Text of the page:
Farm menagerie hits the road

Ian Prentice's daughter Beth feeds a young lamb.
Ian Prentice's daughter Beth feeds a young lamb.
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WHEN IAN and Carol Prentice played the good Samaritan to a couple of goats and a very overweight pig by rescuing them from a council estate property in Wakefield little did they know that it would lead to their Noah’s Ark lifestyle of today.

The couple live at North Cottage on what was formerly part of Hicklam Mill Farm in Aberford. Ian came here from nearby Bardsey in 1999 as he’d been looking for somewhere with a little more space for his landscaping equipment. Today that side of his work has taken a back seat as their menagerie has grown to over 120 animals and birds on their four-acre site and their new businesses of a small caravan and camping site and Ian’s Mobile Farm have become popular.

This week the couple have visited three schools in the Rotherham area with their long wheel base trailer containing alpacas, goats, sheep, donkey, Shetland pony, rabbits, guinea pigs, chicken, ducks and tortoises. They enjoy what they are doing and they’re meticulous about it, treating their visits very seriously.

“It’s hard work and a long day for each one,” says Ian. “It takes an hour to get all the animals loaded, then there’s the travel time, another hour to set everything up including the pens, fencing and banners. We run the displays as 45-minute sessions for Key Stage 1 children. We give them a short introduction to where we live and a bit of background about us. I’ve become known as Farmer Ian to them.

“We then start off with tortoises because they’re small and are something different to a farm animal. It grabs their attention and they can feel how hard their shells are.

“The rabbits come next and we encourage them to feel the fur, followed by guinea pigs so that they can compare them to the rabbits. They get to stroke or touch everything live apart from the alpacas. We had the alpacas sheared last year so we take out a bag of their fleece and the yarn. We also show them a scarf knitted out if it. Children don’t know that’s how scarves are made so it’s a big eye opener.

“People can’t believe it when they see it all set out and then realise we’ve got there with everything in one trailer, but the fencing goes on the trailer roof. We have a special Defra licence for moving and showing everything.”

The mobile farm might never have come about if they had moved as they were thinking about a few years ago.

“We were considering buying a caravan park in Whitby,” says Carol. “We went to view it in really bad weather. When we quizzed why the owners were selling they mentioned that they were looking to buy a certified site. We didn’t know what that meant so we checked it out on the internet saw that it was something for five caravans and ten tents and thought it would be ideal for us here, within a couple of hours we had applied for permission.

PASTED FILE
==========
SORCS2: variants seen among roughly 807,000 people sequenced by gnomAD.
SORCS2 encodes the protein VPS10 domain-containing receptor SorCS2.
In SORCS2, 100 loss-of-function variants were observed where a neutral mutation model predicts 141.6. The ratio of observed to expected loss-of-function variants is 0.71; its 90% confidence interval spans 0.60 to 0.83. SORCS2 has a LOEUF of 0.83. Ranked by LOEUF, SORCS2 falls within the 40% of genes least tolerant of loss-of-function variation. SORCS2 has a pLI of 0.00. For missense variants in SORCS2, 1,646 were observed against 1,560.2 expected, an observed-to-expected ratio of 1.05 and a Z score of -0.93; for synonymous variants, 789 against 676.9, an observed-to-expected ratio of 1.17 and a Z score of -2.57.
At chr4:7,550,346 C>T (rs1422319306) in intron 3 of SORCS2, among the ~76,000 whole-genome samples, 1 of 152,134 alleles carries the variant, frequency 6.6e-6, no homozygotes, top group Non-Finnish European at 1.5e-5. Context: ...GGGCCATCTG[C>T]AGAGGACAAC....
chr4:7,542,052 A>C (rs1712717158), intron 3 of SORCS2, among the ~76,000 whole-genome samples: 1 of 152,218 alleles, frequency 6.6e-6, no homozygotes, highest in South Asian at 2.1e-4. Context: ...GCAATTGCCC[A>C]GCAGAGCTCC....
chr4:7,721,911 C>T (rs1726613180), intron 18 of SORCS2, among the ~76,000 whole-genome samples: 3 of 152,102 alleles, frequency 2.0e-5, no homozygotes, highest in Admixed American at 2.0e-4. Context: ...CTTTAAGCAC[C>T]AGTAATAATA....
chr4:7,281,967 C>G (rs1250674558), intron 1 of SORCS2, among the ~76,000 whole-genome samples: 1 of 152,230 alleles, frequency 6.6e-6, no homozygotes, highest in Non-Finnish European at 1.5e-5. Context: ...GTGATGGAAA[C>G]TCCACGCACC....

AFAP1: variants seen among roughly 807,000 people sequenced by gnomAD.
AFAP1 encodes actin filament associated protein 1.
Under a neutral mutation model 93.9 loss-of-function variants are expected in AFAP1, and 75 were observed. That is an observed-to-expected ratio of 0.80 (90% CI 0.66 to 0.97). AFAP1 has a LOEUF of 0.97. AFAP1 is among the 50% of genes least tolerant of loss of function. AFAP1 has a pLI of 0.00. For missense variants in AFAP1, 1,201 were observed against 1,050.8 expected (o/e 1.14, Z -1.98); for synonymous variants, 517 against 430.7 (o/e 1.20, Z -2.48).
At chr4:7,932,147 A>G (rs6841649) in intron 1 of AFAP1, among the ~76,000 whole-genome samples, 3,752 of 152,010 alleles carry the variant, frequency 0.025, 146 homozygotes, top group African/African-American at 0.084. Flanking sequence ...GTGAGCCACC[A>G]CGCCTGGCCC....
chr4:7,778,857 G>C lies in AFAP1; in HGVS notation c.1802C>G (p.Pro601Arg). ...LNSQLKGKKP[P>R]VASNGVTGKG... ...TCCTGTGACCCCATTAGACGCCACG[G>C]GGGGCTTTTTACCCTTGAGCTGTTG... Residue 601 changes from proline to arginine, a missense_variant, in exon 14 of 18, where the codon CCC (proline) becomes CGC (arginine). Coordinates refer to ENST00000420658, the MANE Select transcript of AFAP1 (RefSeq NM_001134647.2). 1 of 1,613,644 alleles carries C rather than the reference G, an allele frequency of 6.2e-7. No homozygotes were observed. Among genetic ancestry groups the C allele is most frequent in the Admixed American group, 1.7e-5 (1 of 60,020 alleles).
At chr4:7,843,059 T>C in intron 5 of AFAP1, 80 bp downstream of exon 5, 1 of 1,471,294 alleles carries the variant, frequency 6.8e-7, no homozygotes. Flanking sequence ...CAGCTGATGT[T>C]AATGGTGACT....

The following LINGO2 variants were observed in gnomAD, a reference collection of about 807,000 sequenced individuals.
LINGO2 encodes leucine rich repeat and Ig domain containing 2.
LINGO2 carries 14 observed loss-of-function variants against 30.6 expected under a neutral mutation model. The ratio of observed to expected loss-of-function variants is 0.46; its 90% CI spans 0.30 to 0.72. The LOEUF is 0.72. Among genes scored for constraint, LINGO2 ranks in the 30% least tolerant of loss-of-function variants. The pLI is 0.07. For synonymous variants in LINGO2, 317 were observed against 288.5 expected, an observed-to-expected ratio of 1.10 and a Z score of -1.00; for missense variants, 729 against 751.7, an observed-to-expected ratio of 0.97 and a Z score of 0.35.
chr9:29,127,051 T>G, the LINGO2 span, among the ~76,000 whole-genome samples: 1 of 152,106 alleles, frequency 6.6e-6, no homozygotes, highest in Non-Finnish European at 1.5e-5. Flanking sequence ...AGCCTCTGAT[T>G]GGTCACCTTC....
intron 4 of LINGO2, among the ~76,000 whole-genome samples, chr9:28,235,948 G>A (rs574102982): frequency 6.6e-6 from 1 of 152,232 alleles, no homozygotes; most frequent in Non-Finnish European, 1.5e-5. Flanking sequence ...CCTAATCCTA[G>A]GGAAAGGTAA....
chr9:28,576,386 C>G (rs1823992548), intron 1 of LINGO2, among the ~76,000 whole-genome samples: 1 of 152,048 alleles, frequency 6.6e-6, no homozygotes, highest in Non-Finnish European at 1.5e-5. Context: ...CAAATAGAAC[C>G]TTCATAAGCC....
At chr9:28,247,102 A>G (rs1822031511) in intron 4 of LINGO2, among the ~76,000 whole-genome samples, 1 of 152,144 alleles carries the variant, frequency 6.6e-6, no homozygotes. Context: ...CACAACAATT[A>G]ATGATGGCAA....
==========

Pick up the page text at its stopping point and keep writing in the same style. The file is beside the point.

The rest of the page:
“When we first had someone out to see if it would work one industry professional told us that he didn’t think our site would be popular as we’re so close to the A1(M), but he could see people using it as a stopping off point on the way to other places. We were fine with that but what we’ve found is that most of our regulars are people with young children from the West Riding who keep coming back because of all the animals we have.”

In 2013, the site’s first year they won ‘Most Family Friendly Certified Site in the UK’ from the Caravan and Camping Club.

One of the two goats they rescued that started them out on this adventure is still with them today. The goats were quickly followed by the purchase of more pygmy goats that are still amongst Carol’s favourites.

“Pygmy goats have their own personality and cause chaos in the nicest sense of the word. Ian bought me Sally and George (pygmy goats) for my birthday one year and we ended up buying more. We now have 18 and some angora goats and boa goats. We sell the goats’ kids to other smallholders.

“Donkeys came next as we took on some that were in need of a new home that were in a bad state. Then Ian was on the internet looking for a shelter for them when he turned to me and said how did I feel about alpacas? It’s all grown from there.”

Ian has been a landscape gardener since leaving school and worked at Harewood House.

Carol, who hails from Batley, works in health and safety and has always worked in construction. They have a daughter Beth, five, who is their assistant at some of the events they attend in addition to the school visits.

“Beth classes the rabbits as her own pets and she shows people how to pick them up if they’re doing it wrong.

“We’re not proper farmers and we’re probably frowned on by some who are, but we are giving children an opportunity to learn about all kinds of animals.”

For more information about Ian’s Mobile Farm, visit www.iansmobilefarm.co.uk